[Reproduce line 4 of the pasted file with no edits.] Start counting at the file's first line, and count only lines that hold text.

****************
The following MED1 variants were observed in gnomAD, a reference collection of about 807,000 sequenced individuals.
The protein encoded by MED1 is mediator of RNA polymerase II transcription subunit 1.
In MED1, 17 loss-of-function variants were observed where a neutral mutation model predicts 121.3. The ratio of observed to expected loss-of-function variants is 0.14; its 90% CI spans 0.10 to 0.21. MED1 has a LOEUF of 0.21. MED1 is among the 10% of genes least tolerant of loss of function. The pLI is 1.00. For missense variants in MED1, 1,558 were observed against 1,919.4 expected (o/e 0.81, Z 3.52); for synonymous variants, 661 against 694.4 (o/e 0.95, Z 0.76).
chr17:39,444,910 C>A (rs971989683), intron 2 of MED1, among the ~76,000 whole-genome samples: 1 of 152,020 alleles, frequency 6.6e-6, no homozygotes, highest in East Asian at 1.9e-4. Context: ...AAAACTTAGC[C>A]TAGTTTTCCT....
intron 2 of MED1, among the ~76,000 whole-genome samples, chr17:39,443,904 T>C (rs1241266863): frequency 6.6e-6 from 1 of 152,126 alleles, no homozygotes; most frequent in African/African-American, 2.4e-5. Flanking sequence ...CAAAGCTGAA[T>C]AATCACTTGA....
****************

chr17:39,444,910 C>A (rs971989683), intron 2 of MED1, among the ~76,000 whole-genome samples: 1 of 152,020 alleles, frequency 6.6e-6, no homozygotes, highest in East Asian at 1.9e-4. Context: ...AAAACTTAGC[C>A]TAGTTTTCCT....